Fermentation Sweeps the Nation

House-made kombucha, kimchi, kraut, and other fermented delights are popping up on more and more East Bay menus.


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Fermenting is something more people are trying at home.

Photos by Lori Eanes

Is it fairy tales, with their abracadabra transformations of ordinary substances into sparkly, smelly, stretchy and/or slippery ones, that now spur so many of us to seek out—and craft—fermented foods and drinks? Is it the probiotic promise of bacterially balanced bowels? Is it the bounty of diversity?

Our neolithic ancestors fermented barley and maguey, but this epochs-old tradition is now a trend. House-made kombucha, kefir, kimchi, kraut, miso, natto, tempeh, pickles, and yogurt are popping up on more East Bay menus. Fermentation is the main event at local businesses such as San Leandro-based House Kombucha and Berkeley-based Cultured Pickle Shop.

“You can enhance a dish so much with these ‘wild’ flavors,” asserts Bob Cina, executive chef at District Oakland, whose house-fermented crowd-pleasers include salumi, vinegar, pickled farmers-market produce, and the ramp-and-cabbage kraut that accompanies steak tartare.

At Salsipuedes in Oakland, executive chef Marcus Krauss adorns ice cream with house-pickled strawberries. At Gather in Berkeley, executive chef Tu David Phu—who grew up in Oakland watching his parents make kimchi, shrimp paste, fish sauce, and pickles—pairs his house-made pickled-cucumber yogurt with pork belly. Berkeley’s Three Stone Hearth community kitchen produces such futuristic fermentasia as cream-soda kefir and sea-salt/beet kvass.

Oakland’s Homestead and Pleasanton’s Sabio on Main serve house-fermented meats such as lomo and chorizo. Now invading everything from tacos at Belly in Oakland to hot dogs at Alameda’s Doggy Style, kimchi might be the flavor of the century.

“Fermentation is definitely a part of a burgeoning food movement relating to our connection to food,” namely to its provenances, properties, and practices, says Elizabeth Vecchiarelli, whose Piedmont Avenue shop Preserved offers DIY fermenting classes and supplies.

While working at a Philadelphia wine, cheese, and beer bar, “I learned a lot about the history and evolution of each of those fermented favorites,” Vecchiarelli remembers. Touring organic farms and reading the runaway-classic manual Wild Fermentation—whose HIV-positive author, Sandor Katz, credits fermented foods with boosting his health—“led me on my own journey to study holistic nutrition and inspired me to start creating my own alchemy of ferments at home,” Vecchiarelli avows. “I was so impassioned by this connection to food and the revival of these ancient traditions—I knew that I wanted to start a business that helped preserve that connection and share this knowledge.”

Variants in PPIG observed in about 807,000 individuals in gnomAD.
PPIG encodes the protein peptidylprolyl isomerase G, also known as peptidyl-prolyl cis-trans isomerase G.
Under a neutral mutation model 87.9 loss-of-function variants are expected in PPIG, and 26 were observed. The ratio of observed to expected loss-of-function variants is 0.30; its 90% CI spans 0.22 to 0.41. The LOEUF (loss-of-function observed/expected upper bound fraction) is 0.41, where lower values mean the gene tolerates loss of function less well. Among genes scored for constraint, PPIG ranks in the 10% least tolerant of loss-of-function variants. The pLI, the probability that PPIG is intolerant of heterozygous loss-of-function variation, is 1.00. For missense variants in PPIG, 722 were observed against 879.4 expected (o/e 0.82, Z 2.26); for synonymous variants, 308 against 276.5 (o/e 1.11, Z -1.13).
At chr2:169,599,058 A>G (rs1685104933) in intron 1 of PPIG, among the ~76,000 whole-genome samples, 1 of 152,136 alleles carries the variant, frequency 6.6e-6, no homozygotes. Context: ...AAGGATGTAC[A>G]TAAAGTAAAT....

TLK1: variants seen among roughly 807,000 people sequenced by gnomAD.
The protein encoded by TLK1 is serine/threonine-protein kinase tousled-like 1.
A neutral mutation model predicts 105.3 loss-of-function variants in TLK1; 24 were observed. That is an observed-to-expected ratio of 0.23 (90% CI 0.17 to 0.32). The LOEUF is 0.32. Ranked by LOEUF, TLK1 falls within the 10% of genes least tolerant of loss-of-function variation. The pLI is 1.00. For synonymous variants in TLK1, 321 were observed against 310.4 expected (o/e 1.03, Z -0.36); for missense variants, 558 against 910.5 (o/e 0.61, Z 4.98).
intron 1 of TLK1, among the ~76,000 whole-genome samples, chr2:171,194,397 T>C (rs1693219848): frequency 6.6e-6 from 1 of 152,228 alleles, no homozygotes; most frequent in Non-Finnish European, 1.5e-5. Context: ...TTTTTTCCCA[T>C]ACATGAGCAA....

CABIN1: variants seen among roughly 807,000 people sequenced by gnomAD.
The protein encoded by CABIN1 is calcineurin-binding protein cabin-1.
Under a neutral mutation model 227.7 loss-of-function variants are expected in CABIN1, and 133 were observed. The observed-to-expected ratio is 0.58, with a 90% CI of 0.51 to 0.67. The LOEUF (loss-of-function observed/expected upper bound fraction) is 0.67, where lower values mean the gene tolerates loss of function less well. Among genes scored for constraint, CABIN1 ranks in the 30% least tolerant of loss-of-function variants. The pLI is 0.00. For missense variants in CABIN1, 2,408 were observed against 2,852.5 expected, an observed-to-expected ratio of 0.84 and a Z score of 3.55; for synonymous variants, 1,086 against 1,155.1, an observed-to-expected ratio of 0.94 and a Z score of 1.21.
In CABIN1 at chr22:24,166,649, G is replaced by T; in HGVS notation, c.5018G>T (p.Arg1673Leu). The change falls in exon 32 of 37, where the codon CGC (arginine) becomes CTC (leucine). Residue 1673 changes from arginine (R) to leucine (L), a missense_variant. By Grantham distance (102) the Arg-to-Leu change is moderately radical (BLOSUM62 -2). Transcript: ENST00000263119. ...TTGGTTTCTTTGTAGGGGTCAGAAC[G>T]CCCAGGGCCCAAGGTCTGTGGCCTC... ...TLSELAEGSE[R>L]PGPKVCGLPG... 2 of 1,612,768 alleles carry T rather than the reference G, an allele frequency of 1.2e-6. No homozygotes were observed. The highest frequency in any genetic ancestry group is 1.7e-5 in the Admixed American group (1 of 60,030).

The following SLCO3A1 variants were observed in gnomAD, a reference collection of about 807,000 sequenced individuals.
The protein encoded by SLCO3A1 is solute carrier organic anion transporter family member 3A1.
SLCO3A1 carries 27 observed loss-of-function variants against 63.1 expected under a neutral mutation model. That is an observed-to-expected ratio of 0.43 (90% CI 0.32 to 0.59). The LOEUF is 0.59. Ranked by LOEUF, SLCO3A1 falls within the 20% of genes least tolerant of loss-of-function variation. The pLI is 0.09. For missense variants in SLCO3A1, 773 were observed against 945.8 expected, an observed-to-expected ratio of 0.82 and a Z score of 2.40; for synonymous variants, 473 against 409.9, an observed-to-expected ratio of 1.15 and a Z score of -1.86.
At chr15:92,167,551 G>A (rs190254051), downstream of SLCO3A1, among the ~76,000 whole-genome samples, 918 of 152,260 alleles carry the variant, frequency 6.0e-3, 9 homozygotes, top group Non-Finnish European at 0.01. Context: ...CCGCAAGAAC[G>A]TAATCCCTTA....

Gather’s Phu explains, “Fermented ingredients bring a depth of flavor and thoughtful, healthy elements to our dishes. It is exciting to see how flavors change completely after the fermentation process; sour can turn into sweet and vice versa. The most difficult part of the process is patiently waiting for the fermentation to complete.”

“A lot of people don’t realize how many everyday items are actually the products of fermentation,” says Homestead co-owner/co-chef Liz Sassen. “Coffee, chocolate, wine—they all went through the fermentation process in order to take the forms in which we enjoy them.”

Homestead’s vinegars—made with wine dregs—and butter are exactly such products. Culturing Straus Family Creamery crème frâiche “adds an extra step” to butter-making “and creates an amazingly different flavor,” she said. “It’s almost cheeselike. It’s dangerous.”

Sassen has been feeding the same sourdough starter for eight years; each loaf baked at Homestead is the product of a four-day fermentation. The restaurant’s popular chili sauce, produced by pickling 200 pounds of fresh peppers each summer, is even longer in the making.

The molecular magic of fermentation still mystifies most of us, maybe because it’s little-known: Sugar molecules split silently, away from direct sunlight. And it’s slow: Fermenting kimchi for four days is standard; doubling that span “adds complexity and lets its flavors mellow,” says Sabio’s executive chef Francis Hogan, who buys ingredients for various kimchis, including a unique kohlrabi version, at Telegraph Avenue’s Korean stores and the Grand Lake farmers market near his home.

Hogan also cures and preserves meat as Italians and Iberians have done for millennia.During a recent stint in Spain, “I tasted chorizo in every corner of that country. But in every corner, the animals feed on different foods—acorns in the south, tree bark in the north. Terroir affects meats just as it affects wines. Fermentation intensifies and concentrates those flavors in meats, and that sense of place.”

Our ancient ancestors fermented food to preserve it, souring it to save it. “Making sure that the good bacteria is keeping out the bad,” says Sassen.

“I love the fact that fermentation is more of an art than a science,” she said. “That means there’s no singular ‘right’ way to do it.”

The possibilities are endless, Cina said, when it comes to “obtaining the flavor of all those tasty bacteria floating around.

“Not many people realize that our lives are surrounded by millions of different bacterias clashing into each other, creating something new every second,” he said. “They’re alive.”

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